When his happiness quotient in relationship is down, Dr. Steve checks out these items to see what needs attention.
I’ve been in good relationships and bad. And good is definitely better. When in a good relationship I get to see how happy I am. I may not be.
Other life events may be getting in the way of my feeling happy and even impact my enjoyment of the relationship. Sometimes life is good all round and I am still not satisfied. Once again, if in a happy marriage, I am forced to look at myself and discover the roots of my discontent.
It is at these times I have to remind myself I do indeed have a happy relationship and make a choice as to where I am going to focus my attention; on the external not so good events, or on my marriage.
On the other hand, every relationship I have been in required my attention to contribute to its success. Expecting a relationship or marriage to somehow work-out without work is naïve and the fall from the initial glory days can be a rude wake-up call at the least, and a full blown disaster at worst.
Relationships can improve over time. Here are some things that have helped me over the years.
I suppose that is one thing I have learned about how to be happy in a marriage, focus on it. There have been many distractions or demands on my time and energy and yet I must constantly remind myself that if I want my marriage to be happy – it requires time, thought and effort. And not like that effort is painful. Quite the contrary.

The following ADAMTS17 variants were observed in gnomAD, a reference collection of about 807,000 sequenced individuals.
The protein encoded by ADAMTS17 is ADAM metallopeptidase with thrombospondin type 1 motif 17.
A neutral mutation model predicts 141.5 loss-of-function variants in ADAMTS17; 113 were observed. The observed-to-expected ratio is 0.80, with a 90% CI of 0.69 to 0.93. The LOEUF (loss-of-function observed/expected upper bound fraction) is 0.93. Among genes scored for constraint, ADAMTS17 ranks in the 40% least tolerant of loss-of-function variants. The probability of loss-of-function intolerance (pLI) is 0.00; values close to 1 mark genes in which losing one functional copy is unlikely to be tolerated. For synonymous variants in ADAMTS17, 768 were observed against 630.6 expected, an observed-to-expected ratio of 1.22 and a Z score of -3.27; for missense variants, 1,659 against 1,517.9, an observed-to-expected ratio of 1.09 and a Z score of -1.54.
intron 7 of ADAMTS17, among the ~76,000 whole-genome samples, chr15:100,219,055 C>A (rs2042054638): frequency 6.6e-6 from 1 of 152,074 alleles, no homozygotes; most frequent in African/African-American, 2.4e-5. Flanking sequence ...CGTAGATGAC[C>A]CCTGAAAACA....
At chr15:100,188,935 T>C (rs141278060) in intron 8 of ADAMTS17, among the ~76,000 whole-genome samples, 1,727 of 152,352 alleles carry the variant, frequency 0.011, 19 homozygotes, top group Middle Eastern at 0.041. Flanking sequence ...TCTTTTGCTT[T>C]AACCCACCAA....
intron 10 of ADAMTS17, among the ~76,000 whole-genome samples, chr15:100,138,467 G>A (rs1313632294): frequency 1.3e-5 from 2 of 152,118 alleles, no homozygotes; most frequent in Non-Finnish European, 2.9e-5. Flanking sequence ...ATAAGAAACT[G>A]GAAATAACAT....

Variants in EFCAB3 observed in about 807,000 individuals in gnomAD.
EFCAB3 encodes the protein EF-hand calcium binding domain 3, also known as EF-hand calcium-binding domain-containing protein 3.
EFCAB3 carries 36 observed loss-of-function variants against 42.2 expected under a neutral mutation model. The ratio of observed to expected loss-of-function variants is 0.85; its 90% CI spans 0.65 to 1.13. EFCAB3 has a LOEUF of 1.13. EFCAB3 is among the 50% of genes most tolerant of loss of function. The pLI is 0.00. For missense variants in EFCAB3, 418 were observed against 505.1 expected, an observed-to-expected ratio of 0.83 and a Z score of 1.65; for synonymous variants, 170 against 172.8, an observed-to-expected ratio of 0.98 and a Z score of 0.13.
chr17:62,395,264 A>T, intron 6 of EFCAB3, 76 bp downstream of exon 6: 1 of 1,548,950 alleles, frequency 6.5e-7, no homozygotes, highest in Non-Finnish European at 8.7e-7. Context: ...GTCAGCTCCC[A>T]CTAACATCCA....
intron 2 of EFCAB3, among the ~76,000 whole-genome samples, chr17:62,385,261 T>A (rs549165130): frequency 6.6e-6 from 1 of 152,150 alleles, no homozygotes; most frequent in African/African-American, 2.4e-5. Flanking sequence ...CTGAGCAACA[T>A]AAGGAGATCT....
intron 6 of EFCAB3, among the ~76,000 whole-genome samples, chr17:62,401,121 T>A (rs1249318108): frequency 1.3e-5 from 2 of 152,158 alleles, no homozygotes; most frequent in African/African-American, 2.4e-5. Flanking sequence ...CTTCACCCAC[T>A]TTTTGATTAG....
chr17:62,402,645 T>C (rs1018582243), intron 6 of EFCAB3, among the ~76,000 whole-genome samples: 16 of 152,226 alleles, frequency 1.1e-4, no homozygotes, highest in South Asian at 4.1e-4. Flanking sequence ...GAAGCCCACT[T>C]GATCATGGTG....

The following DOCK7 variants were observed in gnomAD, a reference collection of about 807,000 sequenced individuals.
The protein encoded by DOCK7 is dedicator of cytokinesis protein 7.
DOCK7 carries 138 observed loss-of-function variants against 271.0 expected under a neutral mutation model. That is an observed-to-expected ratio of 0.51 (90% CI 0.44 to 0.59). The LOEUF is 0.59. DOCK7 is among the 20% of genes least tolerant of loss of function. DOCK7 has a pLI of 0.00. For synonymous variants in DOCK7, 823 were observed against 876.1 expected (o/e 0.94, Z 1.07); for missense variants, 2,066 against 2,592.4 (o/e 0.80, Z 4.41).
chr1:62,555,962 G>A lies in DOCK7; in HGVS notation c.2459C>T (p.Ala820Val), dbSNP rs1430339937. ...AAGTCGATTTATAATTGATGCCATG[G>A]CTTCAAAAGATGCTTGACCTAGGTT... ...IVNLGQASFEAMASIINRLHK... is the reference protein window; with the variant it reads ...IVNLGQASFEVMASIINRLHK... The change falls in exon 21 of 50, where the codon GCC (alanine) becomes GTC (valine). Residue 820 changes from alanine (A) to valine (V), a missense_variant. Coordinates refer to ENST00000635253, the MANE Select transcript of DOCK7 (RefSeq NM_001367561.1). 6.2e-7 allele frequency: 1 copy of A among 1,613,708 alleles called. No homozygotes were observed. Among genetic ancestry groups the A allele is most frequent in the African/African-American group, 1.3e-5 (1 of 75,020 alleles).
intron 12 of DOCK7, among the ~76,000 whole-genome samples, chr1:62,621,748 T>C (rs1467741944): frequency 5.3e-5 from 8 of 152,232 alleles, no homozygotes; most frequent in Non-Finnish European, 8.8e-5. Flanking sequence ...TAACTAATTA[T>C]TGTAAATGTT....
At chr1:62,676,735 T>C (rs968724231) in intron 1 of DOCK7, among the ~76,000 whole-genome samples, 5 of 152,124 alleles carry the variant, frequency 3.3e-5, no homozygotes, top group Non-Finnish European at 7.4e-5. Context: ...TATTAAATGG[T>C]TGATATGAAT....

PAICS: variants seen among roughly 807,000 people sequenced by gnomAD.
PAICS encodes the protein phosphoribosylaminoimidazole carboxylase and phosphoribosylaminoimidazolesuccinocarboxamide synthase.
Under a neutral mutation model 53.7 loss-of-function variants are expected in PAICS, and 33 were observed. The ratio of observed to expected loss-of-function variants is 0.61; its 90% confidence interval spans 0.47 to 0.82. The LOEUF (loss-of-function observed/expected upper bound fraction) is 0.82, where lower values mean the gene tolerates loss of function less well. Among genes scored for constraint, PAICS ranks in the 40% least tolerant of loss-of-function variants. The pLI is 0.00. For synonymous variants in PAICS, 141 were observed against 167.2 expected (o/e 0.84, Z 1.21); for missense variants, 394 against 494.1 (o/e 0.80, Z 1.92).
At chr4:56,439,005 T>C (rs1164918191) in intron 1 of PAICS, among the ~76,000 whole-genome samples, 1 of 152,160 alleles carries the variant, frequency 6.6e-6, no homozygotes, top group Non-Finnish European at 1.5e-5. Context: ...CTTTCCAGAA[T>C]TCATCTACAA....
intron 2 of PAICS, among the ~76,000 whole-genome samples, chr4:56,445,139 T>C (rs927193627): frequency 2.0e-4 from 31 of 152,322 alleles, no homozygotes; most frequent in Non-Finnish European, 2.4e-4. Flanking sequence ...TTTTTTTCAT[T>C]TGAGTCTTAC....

Taking time to be thoughtful about my partner and the relationship is actually fun. Who knew? It is not a painful process. Does not take an inordinate amount of time, and it is rewarding in and of itself.
When I take action and act thoughtfully for the relationship, my partner loves it and responds in kind, thus creating a self-reinforcing feedback loop. The more I do the more I get the more I want to do for her.
Spend time with your partner. I’m assuming you got together in the first place because you liked spending time together. Time has become such a precious and rare commodity in my relationship that my partner and I have designated specific evenings, days, and holidays that are just for us.
It is all too easy to get disconnected especially if you have demanding careers or kids or both. Learning to carve time out for the relationship is essential. You would think this gets easier over time. It doesn’t until you retire, and if you haven’t been in the habit of spending time together, retirement can be a major shock – two people sitting across from one another wondering who the hell that other person is staring back at them.